Here are the most alluring matchups, stories, and personalities for the coming weekend.
10. Warm-Weather Sabathia, Friday (NYY-DET)
Like a bear slowly shaking off the cobwebs of hibernation, CC Sabathia usually needs a couple months to find his groove. From 2009 to 2011, his ERA was 3.30 in April and 3.69 in May before dropping to 3.03 and 2.60 in June and July. This year has essentially followed form; despite a 6-2 record, his ERA sits at 3.66. But this is the time of year when things start to change, and with the calendar flipping to June, Yankees fans can start to expect vintage CC to wake up.
9.The Weird AL East — Rays vs. Orioles, Jays vs. Red Sox
I know we're risking the East Coast bias tag right now, but any time all five teams in a division are above .500, it's newsworthy. On paper, these two matchups look like pretenders vs. powerhouses. If the Rays and Red Sox sweep or win two of three, it might be the start of a process that finds the Jays and Orioles (losers of five straight) falling back to what we all secretly believe is their rightful place. These are the legitimacy challenges they have to pass in order to earn anyone's belief.
8. Dodger Danger vs. Fowler/Cargo Hotness (LAD-COL)
Coming into this week's series with the Brewers, the Dodgers hadn't lost more than two games in a row all year, taking 10 of 14 series played this season. Then they dropped four straight at home, with Ted Lilly, Matt Kemp, Mark Ellis, and Juan Uribe going on the DL. They still own the best record in baseball and a five-game lead on the Giants, but they'll want to set things right against the Rockies. They have a very favorable matchup tonight, with Chris Capuano (7-1, 2.14 ERA, and one of the most surprising arms of the season) up against Josh Outman, boasting an ERA north of nine and making his first start of the year. On the other hand, the Rockies' Carlos Gonzalez is the hottest player in baseball; in the last five games, he's 14-22 with six home runs. Also, Dexter Fowler is 10-23 with three jacks in his last six. Yikes.
7. Felix vs. Jake, Friday (SEA-CWS)
The marquee pitching matchup of Friday night. Hernandez isn't quite himself yet this year, and you have to wonder if he's finally had his soul crushed by the anemic Seattle offense. Peavy is having his best year as a White Sox, with a 6-1 record and a 3.07 ERA.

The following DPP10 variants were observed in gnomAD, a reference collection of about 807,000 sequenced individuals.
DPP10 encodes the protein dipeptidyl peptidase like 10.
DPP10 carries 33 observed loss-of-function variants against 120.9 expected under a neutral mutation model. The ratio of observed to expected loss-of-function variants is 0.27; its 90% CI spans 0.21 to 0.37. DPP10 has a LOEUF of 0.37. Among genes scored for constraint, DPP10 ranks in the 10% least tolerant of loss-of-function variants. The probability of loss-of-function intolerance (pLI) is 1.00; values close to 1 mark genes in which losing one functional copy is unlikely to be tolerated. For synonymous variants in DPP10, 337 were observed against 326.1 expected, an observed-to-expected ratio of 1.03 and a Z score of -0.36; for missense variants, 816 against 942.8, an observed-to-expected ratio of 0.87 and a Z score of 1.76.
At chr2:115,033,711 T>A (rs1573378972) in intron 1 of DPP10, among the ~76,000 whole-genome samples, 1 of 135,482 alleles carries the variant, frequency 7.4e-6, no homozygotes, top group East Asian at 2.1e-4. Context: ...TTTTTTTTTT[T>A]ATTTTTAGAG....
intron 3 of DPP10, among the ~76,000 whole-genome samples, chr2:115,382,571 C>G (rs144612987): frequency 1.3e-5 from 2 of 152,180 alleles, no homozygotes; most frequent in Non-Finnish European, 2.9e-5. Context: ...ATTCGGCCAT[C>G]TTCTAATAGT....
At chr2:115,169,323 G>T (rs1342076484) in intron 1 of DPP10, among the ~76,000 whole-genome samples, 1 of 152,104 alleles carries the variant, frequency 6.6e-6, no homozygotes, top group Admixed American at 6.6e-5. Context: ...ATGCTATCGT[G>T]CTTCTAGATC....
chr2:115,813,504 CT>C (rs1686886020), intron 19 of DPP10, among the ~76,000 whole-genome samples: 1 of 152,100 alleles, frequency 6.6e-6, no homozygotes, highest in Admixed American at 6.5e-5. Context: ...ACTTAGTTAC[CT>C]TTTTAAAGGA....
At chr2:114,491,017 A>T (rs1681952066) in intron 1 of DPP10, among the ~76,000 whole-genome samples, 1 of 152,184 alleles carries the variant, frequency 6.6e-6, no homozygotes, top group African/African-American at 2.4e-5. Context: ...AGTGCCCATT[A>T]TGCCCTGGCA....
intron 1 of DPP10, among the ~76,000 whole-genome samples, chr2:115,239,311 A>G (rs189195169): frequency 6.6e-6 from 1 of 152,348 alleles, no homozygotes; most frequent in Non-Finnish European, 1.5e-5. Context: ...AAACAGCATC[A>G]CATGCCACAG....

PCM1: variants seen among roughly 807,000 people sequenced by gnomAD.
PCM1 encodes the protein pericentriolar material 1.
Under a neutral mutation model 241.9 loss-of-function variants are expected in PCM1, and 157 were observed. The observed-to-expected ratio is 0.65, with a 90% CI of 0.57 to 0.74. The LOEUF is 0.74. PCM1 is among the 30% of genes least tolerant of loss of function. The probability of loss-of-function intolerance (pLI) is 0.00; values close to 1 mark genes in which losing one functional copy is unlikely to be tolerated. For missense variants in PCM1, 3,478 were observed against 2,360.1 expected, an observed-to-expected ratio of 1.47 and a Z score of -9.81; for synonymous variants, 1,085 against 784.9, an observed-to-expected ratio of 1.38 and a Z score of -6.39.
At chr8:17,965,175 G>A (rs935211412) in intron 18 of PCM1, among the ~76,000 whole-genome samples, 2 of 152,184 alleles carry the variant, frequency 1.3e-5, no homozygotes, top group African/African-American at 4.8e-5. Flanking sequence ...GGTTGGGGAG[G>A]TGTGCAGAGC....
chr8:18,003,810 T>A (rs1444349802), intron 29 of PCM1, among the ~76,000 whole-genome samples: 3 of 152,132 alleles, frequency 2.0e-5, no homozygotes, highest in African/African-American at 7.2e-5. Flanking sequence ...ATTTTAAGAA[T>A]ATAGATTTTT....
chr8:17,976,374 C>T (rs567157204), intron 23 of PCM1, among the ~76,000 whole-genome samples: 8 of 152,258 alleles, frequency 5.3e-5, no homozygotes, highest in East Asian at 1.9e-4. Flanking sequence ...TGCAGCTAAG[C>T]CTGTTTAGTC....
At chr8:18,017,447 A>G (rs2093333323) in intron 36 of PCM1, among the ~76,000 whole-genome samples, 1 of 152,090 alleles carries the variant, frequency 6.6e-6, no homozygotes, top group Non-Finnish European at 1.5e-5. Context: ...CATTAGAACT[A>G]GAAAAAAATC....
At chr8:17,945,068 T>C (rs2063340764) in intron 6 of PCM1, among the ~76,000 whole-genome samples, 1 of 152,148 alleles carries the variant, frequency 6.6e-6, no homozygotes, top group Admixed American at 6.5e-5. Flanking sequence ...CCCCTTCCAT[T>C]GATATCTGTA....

6. Lance Lynn vs. R.A. Dickey, Saturday (STL-NYM)
They're not quite identifiable by their first names like Felix and Jake yet, but these are two of the best pitchers in the National League. Both teams are also 1.5 games back in their division, chasing teams (Cincinnati, Washington) who weren't necessarily expected to be leading anything on June 1. The Mets are a strange team, with a 28-23 record despite a -24 run differential. That usually means they've been very lucky (or CLEVER!) with run distribution, and it usually doesn't last.
4. Paul Konerko's Epic Chase for .400 (CWS-SEA)
OK, fine, it's a desperate long shot. But I want someone to hit .400 in my lifetime so badly that I'm willing to grasp at straws, like a lonely heartbroken teenager who needs a girlfriend. Why? I don't know. I've hoped for that impossible goal since I was a kid, and hell if I'm going to give it up now. (By the way, I also believe in Santa Claus.) At .381, Konerko is my last best hope. Sure, he's already well below the mark, and sure, his ludicrous .424 BABIP basically proves that even this high average can't last, but if I stopped believing, who would I become? How would I look myself in the mirror?
3. Rangers-Angels and the Texas Death Grip
Please, someone break Nolan Ryan's stranglehold on the AL West before he ruins baseball. I know it's only June, but this feels like a defining series in that division. If the Angels can't make up some ground (they currently trail by 5.5), you get the sick feeling that the Rangers will run away with the division yet again. The Yu Darvish–C.J. Wilson showdown on Saturday should be a dandy.
2. Stephen Strasburg Tries to Stop the Bleeding, Friday
Get ready for some D.C. bias, because the Nationals are about to take the top two spots. Strasburg is a pretty fascinating pitcher. He's always good for strikeouts (70 on the year, good for third in the NL despite only 58 IP), but his last few starts have been otherwise unremarkable — five innings, five innings, four innings. The problem, as with a lot of strikeout pitchers, is that he throws too many pitches. If he isn't threatening 100 by the fifth inning, it's an odd outing. But the last few have been particularly rough, and his ERA has jumped a full point since May 10. If the Nationals want to stay on top of the NL East, he's got to get his Stras-groove back. (I came up with that just now — don't steal it.)
1. Gio Gonzalez vs. Brandon Beachy, Saturday (WAS-ATL)
Is there anyone more fun to watch than Gonzalez? Fangraphs says he has the best curveball in the NL (and the curveball, let's be honest, is the best thing about the sport), and the second-best fastball, and the normal stats tell us he leads the league in strikeouts while pitching nine fewer innings than second place. Stats aside, there's something electric about him that makes for some pretty irresistible viewing. And on Saturday, he's facing the pitcher with the best ERA in the league. I'm not just excited; like a Braves batter flailing at a disappearing Gio Gonzalez curve, I am committed.